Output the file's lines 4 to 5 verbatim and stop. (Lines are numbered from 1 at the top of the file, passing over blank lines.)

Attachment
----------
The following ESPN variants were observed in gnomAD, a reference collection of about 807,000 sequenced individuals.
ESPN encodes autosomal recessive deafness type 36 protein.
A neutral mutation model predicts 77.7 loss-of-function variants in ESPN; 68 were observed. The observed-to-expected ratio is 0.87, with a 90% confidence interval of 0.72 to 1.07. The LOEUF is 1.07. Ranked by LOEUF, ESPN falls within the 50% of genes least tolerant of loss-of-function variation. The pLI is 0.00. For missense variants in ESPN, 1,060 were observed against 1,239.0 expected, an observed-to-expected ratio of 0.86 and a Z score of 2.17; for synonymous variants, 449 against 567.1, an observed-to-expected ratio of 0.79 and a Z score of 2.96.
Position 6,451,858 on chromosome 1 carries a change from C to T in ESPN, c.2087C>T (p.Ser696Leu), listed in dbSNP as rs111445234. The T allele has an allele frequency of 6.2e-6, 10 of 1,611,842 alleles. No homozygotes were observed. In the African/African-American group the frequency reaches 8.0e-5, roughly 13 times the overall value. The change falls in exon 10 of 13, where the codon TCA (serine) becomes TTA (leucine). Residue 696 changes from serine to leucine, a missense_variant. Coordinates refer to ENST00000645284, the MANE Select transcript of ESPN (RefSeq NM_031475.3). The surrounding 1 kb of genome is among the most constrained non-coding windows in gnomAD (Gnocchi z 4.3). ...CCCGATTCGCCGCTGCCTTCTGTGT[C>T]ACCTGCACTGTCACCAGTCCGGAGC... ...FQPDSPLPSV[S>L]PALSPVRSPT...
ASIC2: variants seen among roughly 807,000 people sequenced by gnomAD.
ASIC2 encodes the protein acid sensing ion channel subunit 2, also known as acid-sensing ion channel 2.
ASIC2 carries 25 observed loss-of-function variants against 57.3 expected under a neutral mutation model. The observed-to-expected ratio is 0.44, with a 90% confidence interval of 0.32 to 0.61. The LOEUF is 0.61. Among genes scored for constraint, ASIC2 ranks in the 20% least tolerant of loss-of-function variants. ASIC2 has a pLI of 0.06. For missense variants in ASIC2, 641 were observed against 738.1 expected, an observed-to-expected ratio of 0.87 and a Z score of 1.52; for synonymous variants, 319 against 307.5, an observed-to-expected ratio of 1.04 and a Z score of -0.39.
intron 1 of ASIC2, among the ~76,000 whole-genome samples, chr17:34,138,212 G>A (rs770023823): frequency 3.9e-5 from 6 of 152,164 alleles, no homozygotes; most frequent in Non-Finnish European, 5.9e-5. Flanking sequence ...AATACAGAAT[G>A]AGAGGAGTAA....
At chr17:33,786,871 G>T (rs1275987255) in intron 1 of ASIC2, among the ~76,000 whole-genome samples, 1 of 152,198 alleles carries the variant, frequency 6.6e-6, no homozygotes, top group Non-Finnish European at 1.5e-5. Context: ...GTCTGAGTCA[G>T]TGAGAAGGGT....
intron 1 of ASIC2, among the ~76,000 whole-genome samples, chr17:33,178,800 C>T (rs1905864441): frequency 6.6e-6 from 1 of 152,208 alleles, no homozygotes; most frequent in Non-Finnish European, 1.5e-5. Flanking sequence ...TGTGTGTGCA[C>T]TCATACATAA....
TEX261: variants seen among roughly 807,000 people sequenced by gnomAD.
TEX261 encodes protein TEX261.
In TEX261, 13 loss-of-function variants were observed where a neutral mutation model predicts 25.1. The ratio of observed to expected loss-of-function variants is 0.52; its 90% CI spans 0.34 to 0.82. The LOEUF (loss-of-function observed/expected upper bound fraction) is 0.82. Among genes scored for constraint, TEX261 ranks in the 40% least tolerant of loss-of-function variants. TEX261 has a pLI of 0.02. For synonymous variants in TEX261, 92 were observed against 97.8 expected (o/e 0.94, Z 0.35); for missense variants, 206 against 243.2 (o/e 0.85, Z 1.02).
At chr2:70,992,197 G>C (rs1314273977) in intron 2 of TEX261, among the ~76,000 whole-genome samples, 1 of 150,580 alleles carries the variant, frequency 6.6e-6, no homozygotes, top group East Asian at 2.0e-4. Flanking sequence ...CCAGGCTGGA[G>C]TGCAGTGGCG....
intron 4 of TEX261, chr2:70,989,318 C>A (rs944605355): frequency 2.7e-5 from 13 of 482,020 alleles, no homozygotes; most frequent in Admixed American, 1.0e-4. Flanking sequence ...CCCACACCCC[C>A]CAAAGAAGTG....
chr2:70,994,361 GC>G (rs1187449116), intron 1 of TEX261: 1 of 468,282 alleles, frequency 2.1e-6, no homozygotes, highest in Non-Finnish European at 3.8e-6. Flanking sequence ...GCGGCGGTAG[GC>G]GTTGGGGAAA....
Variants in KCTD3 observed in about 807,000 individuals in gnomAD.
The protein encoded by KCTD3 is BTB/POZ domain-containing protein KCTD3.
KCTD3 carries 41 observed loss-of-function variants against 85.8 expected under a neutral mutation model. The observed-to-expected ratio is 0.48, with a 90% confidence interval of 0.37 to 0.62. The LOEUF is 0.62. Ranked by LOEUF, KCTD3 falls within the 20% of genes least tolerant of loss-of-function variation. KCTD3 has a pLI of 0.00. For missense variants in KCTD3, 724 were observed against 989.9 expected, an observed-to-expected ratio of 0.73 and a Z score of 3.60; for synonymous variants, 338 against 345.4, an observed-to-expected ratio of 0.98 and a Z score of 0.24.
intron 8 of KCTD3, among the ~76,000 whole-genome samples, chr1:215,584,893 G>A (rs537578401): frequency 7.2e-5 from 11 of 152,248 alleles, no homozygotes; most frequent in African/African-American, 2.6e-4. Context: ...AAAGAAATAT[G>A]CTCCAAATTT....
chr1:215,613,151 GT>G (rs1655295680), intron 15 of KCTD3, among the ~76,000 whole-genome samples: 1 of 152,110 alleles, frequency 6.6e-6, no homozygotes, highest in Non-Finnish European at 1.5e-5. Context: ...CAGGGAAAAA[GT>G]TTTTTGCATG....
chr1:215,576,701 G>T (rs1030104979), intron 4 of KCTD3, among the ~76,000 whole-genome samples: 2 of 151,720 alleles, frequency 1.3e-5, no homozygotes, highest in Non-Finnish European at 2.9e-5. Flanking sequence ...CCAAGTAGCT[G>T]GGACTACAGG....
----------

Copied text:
Position 6,451,858 on chromosome 1 carries a change from C to T in ESPN, c.2087C>T (p.Ser696Leu), listed in dbSNP as rs111445234. The T allele has an allele frequency of 6.2e-6, 10 of 1,611,842 alleles. No homozygotes were observed. In the African/African-American group the frequency reaches 8.0e-5, roughly 13 times the overall value. The change falls in exon 10 of 13, where the codon TCA (serine) becomes TTA (leucine). Residue 696 changes from serine to leucine, a missense_variant. Coordinates refer to ENST00000645284, the MANE Select transcript of ESPN (RefSeq NM_031475.3). The surrounding 1 kb of genome is among the most constrained non-coding windows in gnomAD (Gnocchi z 4.3). ...CCCGATTCGCCGCTGCCTTCTGTGT[C>T]ACCTGCACTGTCACCAGTCCGGAGC... ...FQPDSPLPSV[S>L]PALSPVRSPT...
ASIC2: variants seen among roughly 807,000 people sequenced by gnomAD.